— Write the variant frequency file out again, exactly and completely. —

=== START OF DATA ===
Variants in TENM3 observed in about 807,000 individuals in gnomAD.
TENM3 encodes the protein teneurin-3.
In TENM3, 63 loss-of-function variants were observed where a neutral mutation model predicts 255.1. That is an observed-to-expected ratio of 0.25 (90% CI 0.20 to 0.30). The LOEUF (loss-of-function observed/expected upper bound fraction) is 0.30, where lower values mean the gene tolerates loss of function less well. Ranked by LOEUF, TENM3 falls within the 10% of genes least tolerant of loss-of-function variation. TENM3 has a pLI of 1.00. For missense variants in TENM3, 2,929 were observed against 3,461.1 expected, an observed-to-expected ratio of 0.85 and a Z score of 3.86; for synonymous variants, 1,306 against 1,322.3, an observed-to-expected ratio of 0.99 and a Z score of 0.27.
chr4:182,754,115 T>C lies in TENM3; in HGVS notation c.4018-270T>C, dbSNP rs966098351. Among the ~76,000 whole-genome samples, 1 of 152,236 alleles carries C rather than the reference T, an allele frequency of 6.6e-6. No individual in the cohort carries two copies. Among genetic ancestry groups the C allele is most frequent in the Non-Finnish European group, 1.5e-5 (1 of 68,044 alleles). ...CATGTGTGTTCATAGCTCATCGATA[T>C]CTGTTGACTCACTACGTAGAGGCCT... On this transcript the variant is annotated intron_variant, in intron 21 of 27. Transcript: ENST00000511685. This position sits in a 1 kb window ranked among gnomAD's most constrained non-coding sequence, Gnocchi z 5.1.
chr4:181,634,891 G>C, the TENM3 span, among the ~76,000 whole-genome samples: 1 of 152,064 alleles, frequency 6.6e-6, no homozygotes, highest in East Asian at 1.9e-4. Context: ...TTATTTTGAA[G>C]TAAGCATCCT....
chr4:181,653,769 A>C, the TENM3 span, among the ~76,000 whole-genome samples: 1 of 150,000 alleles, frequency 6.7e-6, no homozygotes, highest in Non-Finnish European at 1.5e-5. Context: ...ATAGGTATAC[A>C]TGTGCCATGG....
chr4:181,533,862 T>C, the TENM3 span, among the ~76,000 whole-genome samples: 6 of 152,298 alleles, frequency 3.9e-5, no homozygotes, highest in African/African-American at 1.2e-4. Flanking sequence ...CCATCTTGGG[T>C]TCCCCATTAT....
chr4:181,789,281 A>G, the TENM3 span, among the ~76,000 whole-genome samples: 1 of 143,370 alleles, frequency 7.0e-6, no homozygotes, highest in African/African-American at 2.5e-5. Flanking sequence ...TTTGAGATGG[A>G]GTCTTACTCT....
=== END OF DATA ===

Variants in TENM3 observed in about 807,000 individuals in gnomAD.
TENM3 encodes the protein teneurin-3.
In TENM3, 63 loss-of-function variants were observed where a neutral mutation model predicts 255.1. That is an observed-to-expected ratio of 0.25 (90% CI 0.20 to 0.30). The LOEUF (loss-of-function observed/expected upper bound fraction) is 0.30, where lower values mean the gene tolerates loss of function less well. Ranked by LOEUF, TENM3 falls within the 10% of genes least tolerant of loss-of-function variation. TENM3 has a pLI of 1.00. For missense variants in TENM3, 2,929 were observed against 3,461.1 expected, an observed-to-expected ratio of 0.85 and a Z score of 3.86; for synonymous variants, 1,306 against 1,322.3, an observed-to-expected ratio of 0.99 and a Z score of 0.27.
chr4:182,754,115 T>C lies in TENM3; in HGVS notation c.4018-270T>C, dbSNP rs966098351. Among the ~76,000 whole-genome samples, 1 of 152,236 alleles carries C rather than the reference T, an allele frequency of 6.6e-6. No individual in the cohort carries two copies. Among genetic ancestry groups the C allele is most frequent in the Non-Finnish European group, 1.5e-5 (1 of 68,044 alleles). ...CATGTGTGTTCATAGCTCATCGATA[T>C]CTGTTGACTCACTACGTAGAGGCCT... On this transcript the variant is annotated intron_variant, in intron 21 of 27. Transcript: ENST00000511685. This position sits in a 1 kb window ranked among gnomAD's most constrained non-coding sequence, Gnocchi z 5.1.
chr4:181,634,891 G>C, the TENM3 span, among the ~76,000 whole-genome samples: 1 of 152,064 alleles, frequency 6.6e-6, no homozygotes, highest in East Asian at 1.9e-4. Context: ...TTATTTTGAA[G>C]TAAGCATCCT....
chr4:181,653,769 A>C, the TENM3 span, among the ~76,000 whole-genome samples: 1 of 150,000 alleles, frequency 6.7e-6, no homozygotes, highest in Non-Finnish European at 1.5e-5. Context: ...ATAGGTATAC[A>C]TGTGCCATGG....
chr4:181,533,862 T>C, the TENM3 span, among the ~76,000 whole-genome samples: 6 of 152,298 alleles, frequency 3.9e-5, no homozygotes, highest in African/African-American at 1.2e-4. Flanking sequence ...CCATCTTGGG[T>C]TCCCCATTAT....
chr4:181,789,281 A>G, the TENM3 span, among the ~76,000 whole-genome samples: 1 of 143,370 alleles, frequency 7.0e-6, no homozygotes, highest in African/African-American at 2.5e-5. Flanking sequence ...TTTGAGATGG[A>G]GTCTTACTCT....